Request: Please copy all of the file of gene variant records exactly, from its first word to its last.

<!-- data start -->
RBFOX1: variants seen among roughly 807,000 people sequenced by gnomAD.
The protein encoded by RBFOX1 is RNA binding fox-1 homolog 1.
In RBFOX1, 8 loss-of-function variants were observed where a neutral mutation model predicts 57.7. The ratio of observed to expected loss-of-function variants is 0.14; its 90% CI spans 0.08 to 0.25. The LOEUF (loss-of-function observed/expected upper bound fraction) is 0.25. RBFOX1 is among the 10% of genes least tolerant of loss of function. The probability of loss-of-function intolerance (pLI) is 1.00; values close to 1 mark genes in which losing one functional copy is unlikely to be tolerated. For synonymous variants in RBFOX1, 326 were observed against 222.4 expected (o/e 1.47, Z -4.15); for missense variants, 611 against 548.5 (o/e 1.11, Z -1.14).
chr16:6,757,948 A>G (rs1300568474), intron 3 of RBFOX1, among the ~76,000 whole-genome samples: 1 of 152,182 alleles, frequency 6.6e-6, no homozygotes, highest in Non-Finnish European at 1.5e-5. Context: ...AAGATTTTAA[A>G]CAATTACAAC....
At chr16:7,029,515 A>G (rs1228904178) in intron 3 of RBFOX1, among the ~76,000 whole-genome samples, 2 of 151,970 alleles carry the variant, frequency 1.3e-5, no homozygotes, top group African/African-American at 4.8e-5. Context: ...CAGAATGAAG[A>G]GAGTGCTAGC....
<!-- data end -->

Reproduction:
RBFOX1: variants seen among roughly 807,000 people sequenced by gnomAD.
The protein encoded by RBFOX1 is RNA binding fox-1 homolog 1.
In RBFOX1, 8 loss-of-function variants were observed where a neutral mutation model predicts 57.7. The ratio of observed to expected loss-of-function variants is 0.14; its 90% CI spans 0.08 to 0.25. The LOEUF (loss-of-function observed/expected upper bound fraction) is 0.25. RBFOX1 is among the 10% of genes least tolerant of loss of function. The probability of loss-of-function intolerance (pLI) is 1.00; values close to 1 mark genes in which losing one functional copy is unlikely to be tolerated. For synonymous variants in RBFOX1, 326 were observed against 222.4 expected (o/e 1.47, Z -4.15); for missense variants, 611 against 548.5 (o/e 1.11, Z -1.14).
chr16:6,757,948 A>G (rs1300568474), intron 3 of RBFOX1, among the ~76,000 whole-genome samples: 1 of 152,182 alleles, frequency 6.6e-6, no homozygotes, highest in Non-Finnish European at 1.5e-5. Context: ...AAGATTTTAA[A>G]CAATTACAAC....
At chr16:7,029,515 A>G (rs1228904178) in intron 3 of RBFOX1, among the ~76,000 whole-genome samples, 2 of 151,970 alleles carry the variant, frequency 1.3e-5, no homozygotes, top group African/African-American at 4.8e-5. Context: ...CAGAATGAAG[A>G]GAGTGCTAGC....